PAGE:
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Biological Chemistry


How oysters and whales are more like us than we thought

by Tien Nguyen
December 18, 2017 | A version of this story appeared in Volume 95, Issue 49


Oysters irked by undersea sounds

An image of an oyster.
Credit: Shutterstock
Keep it down: Oysters shut their shells to shut out noise.

A recent study into oysters’ auricular abilities started with a diver’s simple question. While filming underwater experiments off the coast of Spain, the aquatic adventurer was surprised at how noisy the sounds of cargo ships were as they went about their business nearby. It made him wonder: Can oysters hear this, too?

The diver mentioned his musings to Jean-Charles Massabuau, a researcher at the French National Center for Scientific Research and director of said experiments, whose curiosity was so piqued by the inquiry that he decided to launch an investigation.

But finding the answer wouldn’t be easy. After all, he couldn’t exactly ask the oysters, who one might imagine would be rather tight-lipped. Then there’s the issue of the bivalves’ total lack of anything resembling ears.

Yet Massabuau and his team were undeterred. A sense of hearing was a matter of interpretation, they said. The true test of auditory acumen was whether the oysters responded to the vibrations of sound waves traveling through the water.

With that in mind, the researchers designed mini-electromagnetic sensors and strapped them onto each oyster’s shell. Then the scientists serenaded the shellfish with variously pitched tones while the sensors tracked the mollusks as they opened and closed their shells (PLOS One 2017, DOI: 10.1371/journal.pone.0185353).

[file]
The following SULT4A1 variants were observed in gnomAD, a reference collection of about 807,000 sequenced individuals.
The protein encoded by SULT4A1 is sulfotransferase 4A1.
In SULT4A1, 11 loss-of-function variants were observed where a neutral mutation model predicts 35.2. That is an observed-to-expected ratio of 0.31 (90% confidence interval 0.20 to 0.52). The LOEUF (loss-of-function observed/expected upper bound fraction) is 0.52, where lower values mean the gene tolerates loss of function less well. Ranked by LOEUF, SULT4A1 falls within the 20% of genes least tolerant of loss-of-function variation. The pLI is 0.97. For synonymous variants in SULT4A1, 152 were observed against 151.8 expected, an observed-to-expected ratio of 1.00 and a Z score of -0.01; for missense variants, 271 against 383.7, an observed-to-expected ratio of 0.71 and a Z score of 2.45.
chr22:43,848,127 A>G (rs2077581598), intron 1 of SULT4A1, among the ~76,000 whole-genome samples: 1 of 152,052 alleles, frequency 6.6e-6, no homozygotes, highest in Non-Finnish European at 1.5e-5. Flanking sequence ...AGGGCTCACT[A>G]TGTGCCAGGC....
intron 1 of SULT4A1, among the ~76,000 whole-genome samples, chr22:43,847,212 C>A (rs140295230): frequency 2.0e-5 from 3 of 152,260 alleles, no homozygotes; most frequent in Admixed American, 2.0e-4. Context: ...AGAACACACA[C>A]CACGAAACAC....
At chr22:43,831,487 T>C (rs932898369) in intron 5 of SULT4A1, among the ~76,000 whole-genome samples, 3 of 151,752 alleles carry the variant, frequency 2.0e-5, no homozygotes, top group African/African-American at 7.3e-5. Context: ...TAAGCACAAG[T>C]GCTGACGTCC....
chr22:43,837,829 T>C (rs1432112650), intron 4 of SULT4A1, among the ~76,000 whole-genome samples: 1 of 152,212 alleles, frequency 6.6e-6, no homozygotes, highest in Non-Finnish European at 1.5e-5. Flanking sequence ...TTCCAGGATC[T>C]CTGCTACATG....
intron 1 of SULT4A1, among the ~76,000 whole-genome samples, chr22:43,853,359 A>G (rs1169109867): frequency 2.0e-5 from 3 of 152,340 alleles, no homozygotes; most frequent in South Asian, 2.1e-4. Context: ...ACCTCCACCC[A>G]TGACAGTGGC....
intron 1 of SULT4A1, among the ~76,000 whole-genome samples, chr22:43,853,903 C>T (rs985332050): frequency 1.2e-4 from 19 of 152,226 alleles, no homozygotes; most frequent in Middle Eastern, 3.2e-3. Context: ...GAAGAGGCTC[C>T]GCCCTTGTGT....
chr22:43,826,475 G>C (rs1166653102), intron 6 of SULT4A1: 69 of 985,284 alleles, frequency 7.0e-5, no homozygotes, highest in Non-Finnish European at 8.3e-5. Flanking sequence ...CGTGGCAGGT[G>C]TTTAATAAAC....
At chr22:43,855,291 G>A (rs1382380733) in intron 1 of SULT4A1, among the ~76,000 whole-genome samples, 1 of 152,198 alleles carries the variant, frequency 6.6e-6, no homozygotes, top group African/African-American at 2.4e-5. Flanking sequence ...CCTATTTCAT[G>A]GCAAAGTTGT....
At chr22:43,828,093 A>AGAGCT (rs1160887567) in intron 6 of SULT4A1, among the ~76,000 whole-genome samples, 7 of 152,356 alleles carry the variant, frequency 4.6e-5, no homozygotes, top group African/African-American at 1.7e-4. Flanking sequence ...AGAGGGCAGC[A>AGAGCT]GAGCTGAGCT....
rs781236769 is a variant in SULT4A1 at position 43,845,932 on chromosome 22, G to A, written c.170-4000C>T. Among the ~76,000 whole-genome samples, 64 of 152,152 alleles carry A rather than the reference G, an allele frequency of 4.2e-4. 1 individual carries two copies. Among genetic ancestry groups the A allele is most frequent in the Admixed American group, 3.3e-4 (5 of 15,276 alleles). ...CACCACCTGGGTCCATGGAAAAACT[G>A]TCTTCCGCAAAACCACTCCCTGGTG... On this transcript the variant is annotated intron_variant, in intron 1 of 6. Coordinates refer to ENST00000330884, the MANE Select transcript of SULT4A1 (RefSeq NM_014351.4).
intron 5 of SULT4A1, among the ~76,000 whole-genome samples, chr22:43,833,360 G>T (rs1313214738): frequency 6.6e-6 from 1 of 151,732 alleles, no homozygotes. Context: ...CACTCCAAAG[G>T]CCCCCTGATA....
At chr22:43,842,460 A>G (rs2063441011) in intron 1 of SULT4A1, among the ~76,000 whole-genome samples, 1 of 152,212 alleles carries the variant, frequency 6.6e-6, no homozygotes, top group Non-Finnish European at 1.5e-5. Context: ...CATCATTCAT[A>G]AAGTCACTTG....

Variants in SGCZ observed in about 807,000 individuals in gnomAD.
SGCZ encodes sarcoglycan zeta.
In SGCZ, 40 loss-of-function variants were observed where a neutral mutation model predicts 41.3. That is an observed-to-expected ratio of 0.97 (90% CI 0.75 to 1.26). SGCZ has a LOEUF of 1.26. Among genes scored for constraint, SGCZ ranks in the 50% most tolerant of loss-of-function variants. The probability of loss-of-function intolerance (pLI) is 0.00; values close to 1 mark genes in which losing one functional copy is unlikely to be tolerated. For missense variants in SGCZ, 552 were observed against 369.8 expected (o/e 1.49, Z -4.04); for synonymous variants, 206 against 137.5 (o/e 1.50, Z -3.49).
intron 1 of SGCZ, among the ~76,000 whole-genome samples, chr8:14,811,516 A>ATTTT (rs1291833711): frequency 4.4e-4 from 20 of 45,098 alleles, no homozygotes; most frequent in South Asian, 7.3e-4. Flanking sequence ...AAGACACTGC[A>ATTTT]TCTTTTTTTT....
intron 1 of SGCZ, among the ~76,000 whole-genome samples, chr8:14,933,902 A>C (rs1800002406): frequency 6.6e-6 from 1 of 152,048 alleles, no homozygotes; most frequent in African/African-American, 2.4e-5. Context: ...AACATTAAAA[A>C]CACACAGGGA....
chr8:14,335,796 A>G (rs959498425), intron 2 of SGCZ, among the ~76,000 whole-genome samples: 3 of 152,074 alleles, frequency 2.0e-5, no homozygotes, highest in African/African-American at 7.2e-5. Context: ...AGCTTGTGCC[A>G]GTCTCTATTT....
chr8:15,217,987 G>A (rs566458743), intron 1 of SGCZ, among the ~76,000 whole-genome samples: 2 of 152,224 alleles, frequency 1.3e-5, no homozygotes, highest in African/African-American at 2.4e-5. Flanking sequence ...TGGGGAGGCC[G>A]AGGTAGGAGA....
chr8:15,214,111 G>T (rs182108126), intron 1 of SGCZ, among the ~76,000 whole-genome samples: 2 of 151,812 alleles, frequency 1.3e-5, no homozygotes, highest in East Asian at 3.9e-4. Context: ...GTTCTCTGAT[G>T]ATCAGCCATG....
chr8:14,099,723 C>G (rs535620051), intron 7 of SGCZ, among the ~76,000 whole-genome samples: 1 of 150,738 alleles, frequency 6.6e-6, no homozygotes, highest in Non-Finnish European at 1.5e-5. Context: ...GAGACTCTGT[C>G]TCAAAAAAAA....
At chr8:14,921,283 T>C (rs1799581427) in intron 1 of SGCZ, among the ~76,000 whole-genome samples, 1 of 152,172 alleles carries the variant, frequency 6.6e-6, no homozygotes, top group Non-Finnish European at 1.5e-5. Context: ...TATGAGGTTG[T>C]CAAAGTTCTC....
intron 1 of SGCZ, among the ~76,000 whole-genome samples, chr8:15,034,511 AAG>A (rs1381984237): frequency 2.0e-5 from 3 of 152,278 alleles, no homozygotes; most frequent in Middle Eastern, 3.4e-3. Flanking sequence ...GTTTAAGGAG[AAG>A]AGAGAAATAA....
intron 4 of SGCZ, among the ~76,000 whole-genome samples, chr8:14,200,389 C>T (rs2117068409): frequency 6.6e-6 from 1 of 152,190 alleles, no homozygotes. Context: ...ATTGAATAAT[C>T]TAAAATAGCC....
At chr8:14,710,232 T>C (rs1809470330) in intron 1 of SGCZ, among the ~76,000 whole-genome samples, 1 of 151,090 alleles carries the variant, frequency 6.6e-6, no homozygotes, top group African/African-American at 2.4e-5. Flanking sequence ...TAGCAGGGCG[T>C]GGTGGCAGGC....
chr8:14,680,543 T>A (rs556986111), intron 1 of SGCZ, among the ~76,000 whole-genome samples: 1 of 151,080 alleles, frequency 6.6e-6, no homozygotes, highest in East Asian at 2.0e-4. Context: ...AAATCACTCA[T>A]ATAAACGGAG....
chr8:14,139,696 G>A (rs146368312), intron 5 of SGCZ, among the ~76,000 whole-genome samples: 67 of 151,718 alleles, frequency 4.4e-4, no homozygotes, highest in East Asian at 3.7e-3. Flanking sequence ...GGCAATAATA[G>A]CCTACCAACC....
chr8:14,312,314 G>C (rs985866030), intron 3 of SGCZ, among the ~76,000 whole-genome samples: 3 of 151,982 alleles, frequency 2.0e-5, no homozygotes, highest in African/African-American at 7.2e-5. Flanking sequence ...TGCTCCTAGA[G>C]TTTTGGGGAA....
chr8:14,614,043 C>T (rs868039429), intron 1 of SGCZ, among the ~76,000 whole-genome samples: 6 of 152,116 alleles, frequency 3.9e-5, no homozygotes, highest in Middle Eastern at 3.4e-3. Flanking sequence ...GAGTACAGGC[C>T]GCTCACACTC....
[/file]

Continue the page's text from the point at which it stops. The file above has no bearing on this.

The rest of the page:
Within a few minutes of a tone being played, the oysters shut their shells, which the researchers took to mean that they could, in fact, hear.

And they may not be happy about their noisy neighbors. The scientists found that oysters that were exposed to sound were sluggish and “breathed,” or ventilated, more slowly than those who weren’t subjected to the tones. It was almost like they were depressed, Massabuau tells Newscripts.

The bad news for the bivalves is that noise pollution is only getting louder, coming from ships and, even worse, wind turbines, which churn continuously. Some good news, however, is that oysters’ hearing seems to be limited to low frequencies and drops off at higher frequencies. Massabuau describes the range of their abilities in musical terms. If you took oysters to the symphony, he says, they’d be able to hear the drums but not the violins.

Just as it does among humans, the range of hearing varies among oysters. And just like us, they’d appreciate some peace and quiet.

The way whales roll

Image of blue whale underwater.
Credit: Shutterstock
Lonely lefties: Southpaws are special among whales too.

Whale songs might be one sound prompting oysters to clam up. Everyone’s a critic. But blue whales might be expressing something important. Perhaps they are vocalizing preferences, a popular pastime for people as well.

Researchers at the University of California, Santa Cruz, found that a group of blue whales, like most groups of humans, favor their right hand, or rather, right side (Curr. Biol. 2017, DOI: 10.1016/j.cub.2017.10.023).

The study took whale watching to the extreme. Over the course of six years, scientists tracked 63 whales and about 2,800 “lunge feeding” events in which they feasted on patches of krill.

The team saw a connection between the animals’ “handedness” and the depth at which they were feeding. At deeper depths, where whales typically feed, they attacked their prey with tight 180° turns to the right. But closer to the surface, they tended to perform full 360° rolls to the left.

Lead author Ari Friedlaender told the online news outlet SFGate that the whales’ directional preference likely depends on which side lets them best keep their eyes on the krill-filled prize.

Tien Nguyen wrote this week’s column. Please send comments and suggestions to


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